If the statute required that the reward money be used for the school, we would accede to appellees' contention that the reward belongs to the school. But the statute does not so require. Moreover, a school is comprised of its faculty, principal, staff, and students. KIRIS success is generated by those people, through their combined efforts. It is only sensible, therefore, that the rewards for such success go only to the people who contributed to the success and resulting rewards. If appellees' interpretation were stretched to a possible, albeit unrealistic, extreme, an entire certified staff which generated rewards could be replaced after the biennium, and an entirely new certified staff could be employed in the year the reward is received. That staff could vote to give the money to themselves, and no one responsible for having generated the notable results would enjoy the fruits of that labor. This would be absurd. When at all possible, statutes are to be interpreted to attain reasonable results. Newport Benevolent Burial Assn. v. Clay, 170 Ky. 633, 186 S.W. 658 (1916).
The language in KRS 158.6455(1)(e), which provides that rewards shall be given “to the school on behalf of the ․ staff of a school who generate the reward” also provides us with several clues. That the rewards are given or payable “to the school on behalf of the staff” evinces an intention to simplify the job of the dispenser of the reward. Instead of having to write 16 separate checks, the Department of Education issues only one to the local district office. KRS 158.6455(1)(h). Once the decision on how to disburse the reward funds is made, the money is distributed accordingly. KRS 158.6455(1)(g).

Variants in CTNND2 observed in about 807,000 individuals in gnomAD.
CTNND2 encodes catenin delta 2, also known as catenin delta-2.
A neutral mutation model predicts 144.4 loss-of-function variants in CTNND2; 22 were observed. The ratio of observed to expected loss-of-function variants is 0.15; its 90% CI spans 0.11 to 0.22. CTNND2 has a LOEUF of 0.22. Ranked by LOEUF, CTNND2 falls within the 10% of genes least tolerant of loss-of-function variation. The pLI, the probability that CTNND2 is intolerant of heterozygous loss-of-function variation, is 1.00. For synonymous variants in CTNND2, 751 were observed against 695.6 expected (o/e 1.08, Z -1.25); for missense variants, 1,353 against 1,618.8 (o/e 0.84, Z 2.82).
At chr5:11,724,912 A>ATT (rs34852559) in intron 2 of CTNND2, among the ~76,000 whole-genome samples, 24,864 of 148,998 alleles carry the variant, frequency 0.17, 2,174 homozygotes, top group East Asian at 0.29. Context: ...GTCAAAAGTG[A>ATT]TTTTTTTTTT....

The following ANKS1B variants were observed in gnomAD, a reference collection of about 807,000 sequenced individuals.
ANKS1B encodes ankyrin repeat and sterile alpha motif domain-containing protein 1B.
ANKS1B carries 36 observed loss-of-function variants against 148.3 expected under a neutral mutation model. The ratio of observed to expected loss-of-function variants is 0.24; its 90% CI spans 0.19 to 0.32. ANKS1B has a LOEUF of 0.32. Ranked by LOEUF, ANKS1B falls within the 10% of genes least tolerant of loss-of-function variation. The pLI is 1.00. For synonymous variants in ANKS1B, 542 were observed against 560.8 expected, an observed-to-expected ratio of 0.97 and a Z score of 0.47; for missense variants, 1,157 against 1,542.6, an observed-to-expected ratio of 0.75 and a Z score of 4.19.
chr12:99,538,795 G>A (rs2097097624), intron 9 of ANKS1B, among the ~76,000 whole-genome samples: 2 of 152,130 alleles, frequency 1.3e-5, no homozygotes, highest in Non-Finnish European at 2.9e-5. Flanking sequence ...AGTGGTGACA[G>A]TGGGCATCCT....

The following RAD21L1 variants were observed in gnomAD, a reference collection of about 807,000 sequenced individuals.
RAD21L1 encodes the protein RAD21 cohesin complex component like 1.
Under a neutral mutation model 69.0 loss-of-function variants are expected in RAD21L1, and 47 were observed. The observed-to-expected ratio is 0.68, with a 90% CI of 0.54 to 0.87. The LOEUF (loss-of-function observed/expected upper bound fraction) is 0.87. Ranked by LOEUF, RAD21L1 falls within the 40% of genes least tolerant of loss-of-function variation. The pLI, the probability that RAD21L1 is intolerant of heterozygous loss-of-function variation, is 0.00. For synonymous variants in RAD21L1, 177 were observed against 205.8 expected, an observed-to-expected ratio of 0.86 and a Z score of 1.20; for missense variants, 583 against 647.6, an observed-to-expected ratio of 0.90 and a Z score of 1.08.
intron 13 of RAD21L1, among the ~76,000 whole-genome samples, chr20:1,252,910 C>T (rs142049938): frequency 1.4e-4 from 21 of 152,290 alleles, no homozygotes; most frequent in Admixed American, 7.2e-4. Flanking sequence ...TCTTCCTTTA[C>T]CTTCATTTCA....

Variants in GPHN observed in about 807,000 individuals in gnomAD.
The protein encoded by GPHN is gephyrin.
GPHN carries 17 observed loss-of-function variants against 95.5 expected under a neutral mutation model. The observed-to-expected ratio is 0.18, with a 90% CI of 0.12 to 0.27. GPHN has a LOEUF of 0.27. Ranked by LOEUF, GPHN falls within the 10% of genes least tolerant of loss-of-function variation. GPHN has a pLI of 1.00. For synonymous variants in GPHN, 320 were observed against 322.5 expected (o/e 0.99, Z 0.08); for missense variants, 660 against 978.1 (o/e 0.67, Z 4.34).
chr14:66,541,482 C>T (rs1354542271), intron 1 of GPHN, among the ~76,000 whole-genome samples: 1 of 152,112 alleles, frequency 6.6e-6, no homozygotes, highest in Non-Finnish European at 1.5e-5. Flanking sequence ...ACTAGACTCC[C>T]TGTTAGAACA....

Subsection (e) also provides that the rewards are for the “staff of a school who generate the reward.” Plainly, the rewards are for the staff, not the school. We know this because the pronoun used in the restrictive relative clause, “who generate the reward,” is “who,” which refers to people, not things. “School” is an inanimate noun and would take the relative pronoun “that.” Furthermore, the verb “generate” is plural in number, and must refer to the plural antecedent of “who.” In this case, that can only be “staff,” which, as a collective noun, can be either singular or plural. School, of course, is only singular. Because “staff” is used in the plural form, it indicates that each individual staff member is treated separately. Thus, rewards shall be given to each staff member who helped generate the reward.